The Science Of Friendships

If life is war, then our friends are our best allies. They’re the ones we call up when there’s a battle ahead and we’re going to need some help. They’re the ones who come in when we’re weak and close to defeat. They’re the ones who have been there, supporting us, throughout numerous losses and gains.

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Like allying nations, we’re friends because we trust each other. We need each other, for resources and support. We depend on each other; our strength and health are vital to each other’s wellbeing.

It’s a support system that’s necessary to our sovereignty. Because if you think about it, every great power would be nothing without its allies, and our strength is dependent on the strength of our friendships.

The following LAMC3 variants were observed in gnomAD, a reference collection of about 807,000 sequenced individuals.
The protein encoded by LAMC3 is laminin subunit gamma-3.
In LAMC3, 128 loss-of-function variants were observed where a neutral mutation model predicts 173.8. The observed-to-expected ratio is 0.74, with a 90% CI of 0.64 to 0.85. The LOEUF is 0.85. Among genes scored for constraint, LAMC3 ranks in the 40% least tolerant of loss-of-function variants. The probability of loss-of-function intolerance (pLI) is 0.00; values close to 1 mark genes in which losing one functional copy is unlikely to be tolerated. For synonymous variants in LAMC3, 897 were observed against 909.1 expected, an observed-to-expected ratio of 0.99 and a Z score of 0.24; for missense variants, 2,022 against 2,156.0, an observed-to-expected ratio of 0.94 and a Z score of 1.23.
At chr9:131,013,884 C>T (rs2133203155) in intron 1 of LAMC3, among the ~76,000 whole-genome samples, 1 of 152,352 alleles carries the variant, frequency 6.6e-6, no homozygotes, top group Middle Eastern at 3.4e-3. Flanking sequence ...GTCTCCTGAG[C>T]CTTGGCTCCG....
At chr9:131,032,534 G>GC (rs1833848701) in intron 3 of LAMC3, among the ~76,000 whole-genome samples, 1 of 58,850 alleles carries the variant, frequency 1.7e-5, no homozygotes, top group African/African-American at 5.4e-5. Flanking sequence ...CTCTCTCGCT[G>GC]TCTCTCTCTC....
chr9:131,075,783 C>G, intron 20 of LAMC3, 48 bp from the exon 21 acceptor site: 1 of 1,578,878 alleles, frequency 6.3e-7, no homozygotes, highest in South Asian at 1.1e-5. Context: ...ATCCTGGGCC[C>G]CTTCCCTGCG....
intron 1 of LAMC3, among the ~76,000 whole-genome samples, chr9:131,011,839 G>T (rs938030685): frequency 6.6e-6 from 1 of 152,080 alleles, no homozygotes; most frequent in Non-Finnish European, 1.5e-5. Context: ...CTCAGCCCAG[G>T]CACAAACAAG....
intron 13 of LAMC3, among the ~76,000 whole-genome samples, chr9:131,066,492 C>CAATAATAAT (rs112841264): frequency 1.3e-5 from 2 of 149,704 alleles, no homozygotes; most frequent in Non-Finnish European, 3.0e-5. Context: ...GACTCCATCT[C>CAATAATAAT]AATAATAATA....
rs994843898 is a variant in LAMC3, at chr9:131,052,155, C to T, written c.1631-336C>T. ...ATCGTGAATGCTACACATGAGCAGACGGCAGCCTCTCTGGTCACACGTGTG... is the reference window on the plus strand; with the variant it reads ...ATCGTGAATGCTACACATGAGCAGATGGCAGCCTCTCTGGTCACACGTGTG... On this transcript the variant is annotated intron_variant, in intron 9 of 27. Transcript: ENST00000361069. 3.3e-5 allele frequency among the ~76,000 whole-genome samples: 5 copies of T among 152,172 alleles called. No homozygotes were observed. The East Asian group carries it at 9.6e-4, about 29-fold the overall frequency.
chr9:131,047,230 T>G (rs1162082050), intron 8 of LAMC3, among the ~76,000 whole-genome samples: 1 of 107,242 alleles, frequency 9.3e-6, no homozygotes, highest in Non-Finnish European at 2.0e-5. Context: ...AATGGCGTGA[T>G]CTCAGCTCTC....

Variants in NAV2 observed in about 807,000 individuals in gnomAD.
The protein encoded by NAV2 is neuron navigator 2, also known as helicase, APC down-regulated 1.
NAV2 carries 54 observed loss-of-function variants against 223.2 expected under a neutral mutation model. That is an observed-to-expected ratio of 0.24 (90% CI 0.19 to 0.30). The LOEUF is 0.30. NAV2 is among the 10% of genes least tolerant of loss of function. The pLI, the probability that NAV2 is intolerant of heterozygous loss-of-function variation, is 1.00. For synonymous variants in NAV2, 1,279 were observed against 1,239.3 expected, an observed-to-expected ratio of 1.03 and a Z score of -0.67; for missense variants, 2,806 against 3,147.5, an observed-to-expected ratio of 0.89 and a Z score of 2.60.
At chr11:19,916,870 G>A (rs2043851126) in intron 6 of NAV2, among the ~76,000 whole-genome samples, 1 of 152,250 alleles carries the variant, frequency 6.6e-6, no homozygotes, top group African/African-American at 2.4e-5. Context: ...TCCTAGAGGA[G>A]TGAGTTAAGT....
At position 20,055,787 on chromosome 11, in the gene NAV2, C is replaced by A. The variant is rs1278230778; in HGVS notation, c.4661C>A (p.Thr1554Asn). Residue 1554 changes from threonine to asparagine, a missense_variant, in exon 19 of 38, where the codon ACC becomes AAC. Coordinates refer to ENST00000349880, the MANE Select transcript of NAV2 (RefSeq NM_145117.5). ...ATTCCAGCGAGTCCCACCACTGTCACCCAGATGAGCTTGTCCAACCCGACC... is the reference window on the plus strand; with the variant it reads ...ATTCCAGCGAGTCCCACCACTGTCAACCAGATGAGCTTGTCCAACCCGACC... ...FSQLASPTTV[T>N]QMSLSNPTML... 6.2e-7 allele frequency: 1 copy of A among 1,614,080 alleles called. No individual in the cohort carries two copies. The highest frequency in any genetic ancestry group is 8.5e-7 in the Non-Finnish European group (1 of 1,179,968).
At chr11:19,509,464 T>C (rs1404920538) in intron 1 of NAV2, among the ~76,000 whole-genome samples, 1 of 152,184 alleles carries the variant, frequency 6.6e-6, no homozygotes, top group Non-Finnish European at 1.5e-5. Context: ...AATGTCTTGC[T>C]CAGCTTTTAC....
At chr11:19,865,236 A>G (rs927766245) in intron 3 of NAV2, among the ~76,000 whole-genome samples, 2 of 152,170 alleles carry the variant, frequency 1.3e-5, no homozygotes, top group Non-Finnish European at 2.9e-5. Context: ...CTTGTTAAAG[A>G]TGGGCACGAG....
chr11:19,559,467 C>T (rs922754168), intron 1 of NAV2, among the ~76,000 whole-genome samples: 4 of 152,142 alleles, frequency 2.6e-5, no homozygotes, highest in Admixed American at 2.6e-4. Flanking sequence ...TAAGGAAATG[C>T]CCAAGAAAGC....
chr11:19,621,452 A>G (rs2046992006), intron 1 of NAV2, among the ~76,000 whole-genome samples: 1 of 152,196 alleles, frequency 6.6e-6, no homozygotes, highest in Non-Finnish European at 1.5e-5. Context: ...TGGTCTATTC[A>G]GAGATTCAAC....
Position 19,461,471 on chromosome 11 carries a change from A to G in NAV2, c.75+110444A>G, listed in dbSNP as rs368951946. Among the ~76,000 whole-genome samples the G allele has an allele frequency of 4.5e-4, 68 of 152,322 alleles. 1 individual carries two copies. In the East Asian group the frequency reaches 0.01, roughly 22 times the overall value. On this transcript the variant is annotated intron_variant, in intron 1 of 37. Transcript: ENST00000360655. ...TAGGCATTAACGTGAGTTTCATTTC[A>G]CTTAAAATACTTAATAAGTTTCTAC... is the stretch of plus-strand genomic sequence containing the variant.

We take care of our friendships the same way we take care of our allies. We support them and advise them, go to them in times of need and rely on them for our own moments of weakness. They’ll be the first ones there when we’ve been attacked and the last ones to leave in recovery.

According to researchers at the University of Pennsylvania, we choose our friends based on this unconscious notion that they will support us in times of need.

In findings consistent with a theory called the “Alliance Hypothesis for Human Friendship,” research leaders, Peter DeScioli and Robert Kurzban, say we choose friends based on “cognitive mechanisms aimed at creating a ready-made support group for potential conflicts.”

Because in life, we all have a few enemies and we’re all bound to fight a few battles. And we feel stronger going into life knowing someone has our back.